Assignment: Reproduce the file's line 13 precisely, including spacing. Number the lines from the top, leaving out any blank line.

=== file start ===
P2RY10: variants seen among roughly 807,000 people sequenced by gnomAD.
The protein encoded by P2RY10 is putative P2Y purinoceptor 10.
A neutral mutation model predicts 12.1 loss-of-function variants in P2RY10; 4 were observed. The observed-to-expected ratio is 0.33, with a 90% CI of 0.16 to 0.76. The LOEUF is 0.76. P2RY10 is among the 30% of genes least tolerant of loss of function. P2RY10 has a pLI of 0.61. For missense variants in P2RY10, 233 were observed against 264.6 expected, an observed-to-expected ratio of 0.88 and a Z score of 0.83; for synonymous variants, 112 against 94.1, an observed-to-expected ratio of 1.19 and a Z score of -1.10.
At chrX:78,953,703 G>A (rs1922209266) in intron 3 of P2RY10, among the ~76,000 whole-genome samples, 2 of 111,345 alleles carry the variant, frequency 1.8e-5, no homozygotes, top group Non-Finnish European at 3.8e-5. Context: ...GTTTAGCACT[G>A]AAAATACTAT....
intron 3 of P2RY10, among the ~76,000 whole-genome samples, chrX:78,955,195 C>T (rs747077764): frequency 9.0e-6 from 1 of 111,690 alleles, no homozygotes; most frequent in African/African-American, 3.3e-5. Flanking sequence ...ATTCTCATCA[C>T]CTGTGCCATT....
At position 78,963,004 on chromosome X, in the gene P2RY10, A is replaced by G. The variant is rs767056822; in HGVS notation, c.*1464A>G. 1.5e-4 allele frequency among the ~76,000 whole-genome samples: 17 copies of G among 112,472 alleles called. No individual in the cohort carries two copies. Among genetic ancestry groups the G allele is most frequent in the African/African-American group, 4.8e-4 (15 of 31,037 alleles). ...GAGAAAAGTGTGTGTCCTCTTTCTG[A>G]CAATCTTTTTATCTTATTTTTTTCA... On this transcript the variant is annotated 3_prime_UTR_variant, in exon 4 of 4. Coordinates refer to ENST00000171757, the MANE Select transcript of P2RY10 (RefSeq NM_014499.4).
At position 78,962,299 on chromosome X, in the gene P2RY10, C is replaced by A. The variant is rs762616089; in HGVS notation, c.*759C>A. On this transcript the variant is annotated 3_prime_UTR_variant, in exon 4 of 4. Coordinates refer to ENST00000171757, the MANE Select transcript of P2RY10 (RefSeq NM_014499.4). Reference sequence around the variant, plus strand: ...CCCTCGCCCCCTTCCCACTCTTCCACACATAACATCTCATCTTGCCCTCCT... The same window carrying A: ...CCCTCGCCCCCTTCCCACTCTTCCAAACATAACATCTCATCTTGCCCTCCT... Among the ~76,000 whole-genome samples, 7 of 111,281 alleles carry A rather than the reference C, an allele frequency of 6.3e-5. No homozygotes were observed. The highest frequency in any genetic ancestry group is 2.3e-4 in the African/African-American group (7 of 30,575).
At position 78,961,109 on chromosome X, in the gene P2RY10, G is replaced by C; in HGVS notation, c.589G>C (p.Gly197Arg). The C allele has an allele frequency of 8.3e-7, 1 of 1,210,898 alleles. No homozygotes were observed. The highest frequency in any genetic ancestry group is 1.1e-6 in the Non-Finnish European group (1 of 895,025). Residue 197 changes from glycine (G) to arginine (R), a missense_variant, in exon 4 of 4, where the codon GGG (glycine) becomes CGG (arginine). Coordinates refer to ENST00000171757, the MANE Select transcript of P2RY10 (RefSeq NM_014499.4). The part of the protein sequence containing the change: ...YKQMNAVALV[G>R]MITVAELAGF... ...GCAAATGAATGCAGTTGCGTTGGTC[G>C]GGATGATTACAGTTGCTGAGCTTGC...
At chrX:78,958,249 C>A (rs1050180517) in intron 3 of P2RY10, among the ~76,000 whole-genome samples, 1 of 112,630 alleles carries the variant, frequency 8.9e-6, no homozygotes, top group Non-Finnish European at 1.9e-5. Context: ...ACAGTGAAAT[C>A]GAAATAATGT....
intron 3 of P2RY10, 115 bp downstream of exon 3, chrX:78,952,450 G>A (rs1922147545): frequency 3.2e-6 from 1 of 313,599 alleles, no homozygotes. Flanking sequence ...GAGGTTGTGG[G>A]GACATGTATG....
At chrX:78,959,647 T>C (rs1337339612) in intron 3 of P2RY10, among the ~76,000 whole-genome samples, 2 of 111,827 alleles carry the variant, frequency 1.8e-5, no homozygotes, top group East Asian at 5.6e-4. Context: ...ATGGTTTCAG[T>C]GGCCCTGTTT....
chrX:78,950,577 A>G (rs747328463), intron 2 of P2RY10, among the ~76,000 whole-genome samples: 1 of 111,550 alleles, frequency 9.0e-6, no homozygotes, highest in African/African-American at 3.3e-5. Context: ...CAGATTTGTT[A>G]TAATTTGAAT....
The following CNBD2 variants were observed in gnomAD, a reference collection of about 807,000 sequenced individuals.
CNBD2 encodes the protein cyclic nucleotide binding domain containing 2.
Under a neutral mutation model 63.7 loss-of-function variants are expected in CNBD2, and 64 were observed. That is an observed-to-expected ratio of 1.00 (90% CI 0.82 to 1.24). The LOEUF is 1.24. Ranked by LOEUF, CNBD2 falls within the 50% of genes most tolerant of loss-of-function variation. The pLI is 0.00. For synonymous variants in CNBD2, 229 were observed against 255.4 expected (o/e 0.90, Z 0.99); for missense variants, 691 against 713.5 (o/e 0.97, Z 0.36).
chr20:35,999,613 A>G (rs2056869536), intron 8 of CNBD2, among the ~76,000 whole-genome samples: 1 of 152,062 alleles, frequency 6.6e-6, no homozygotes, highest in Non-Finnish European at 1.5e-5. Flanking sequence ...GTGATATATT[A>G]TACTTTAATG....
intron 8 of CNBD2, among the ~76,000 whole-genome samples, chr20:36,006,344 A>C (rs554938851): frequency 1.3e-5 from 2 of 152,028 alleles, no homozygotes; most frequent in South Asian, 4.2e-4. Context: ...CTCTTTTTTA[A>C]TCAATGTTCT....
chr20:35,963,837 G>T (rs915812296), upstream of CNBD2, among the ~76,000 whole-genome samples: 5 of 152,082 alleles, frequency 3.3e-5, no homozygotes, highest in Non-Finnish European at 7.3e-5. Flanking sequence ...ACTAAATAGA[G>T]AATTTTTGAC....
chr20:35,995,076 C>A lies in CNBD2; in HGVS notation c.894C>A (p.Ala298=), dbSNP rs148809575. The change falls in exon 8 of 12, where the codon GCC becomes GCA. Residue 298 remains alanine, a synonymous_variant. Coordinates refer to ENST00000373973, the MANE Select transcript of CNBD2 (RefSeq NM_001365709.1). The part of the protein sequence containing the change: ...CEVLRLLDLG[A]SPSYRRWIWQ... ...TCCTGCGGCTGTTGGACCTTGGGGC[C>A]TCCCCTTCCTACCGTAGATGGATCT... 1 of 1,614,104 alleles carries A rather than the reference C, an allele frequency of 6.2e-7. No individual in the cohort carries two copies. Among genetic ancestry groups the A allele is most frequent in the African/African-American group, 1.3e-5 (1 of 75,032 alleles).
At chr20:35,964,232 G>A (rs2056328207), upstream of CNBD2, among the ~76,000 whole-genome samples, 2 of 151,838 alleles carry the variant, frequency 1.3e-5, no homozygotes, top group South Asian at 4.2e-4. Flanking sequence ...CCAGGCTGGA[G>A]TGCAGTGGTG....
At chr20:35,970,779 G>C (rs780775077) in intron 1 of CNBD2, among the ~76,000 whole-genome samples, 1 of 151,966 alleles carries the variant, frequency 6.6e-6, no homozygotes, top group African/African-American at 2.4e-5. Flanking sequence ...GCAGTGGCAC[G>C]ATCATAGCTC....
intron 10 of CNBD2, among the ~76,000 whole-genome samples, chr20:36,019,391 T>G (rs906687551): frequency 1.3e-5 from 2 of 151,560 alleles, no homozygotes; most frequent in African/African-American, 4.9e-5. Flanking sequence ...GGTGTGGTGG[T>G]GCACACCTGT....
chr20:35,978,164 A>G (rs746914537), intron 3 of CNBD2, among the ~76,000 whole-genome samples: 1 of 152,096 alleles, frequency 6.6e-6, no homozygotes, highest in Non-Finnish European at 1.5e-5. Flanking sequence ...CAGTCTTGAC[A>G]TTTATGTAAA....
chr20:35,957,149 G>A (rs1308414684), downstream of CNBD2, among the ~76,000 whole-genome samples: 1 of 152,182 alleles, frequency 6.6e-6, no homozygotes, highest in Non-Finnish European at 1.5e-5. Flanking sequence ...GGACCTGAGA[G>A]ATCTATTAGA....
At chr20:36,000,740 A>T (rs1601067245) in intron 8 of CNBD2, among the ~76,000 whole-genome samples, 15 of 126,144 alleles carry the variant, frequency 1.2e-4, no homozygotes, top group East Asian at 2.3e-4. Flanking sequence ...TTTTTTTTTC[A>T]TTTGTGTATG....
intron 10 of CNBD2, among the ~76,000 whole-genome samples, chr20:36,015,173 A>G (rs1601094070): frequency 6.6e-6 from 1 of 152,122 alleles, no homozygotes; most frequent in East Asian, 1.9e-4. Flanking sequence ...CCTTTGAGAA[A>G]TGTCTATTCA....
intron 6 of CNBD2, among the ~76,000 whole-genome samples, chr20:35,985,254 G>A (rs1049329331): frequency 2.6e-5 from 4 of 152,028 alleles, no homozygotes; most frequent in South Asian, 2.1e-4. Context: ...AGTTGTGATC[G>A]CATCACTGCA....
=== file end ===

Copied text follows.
The following CNBD2 variants were observed in gnomAD, a reference collection of about 807,000 sequenced individuals.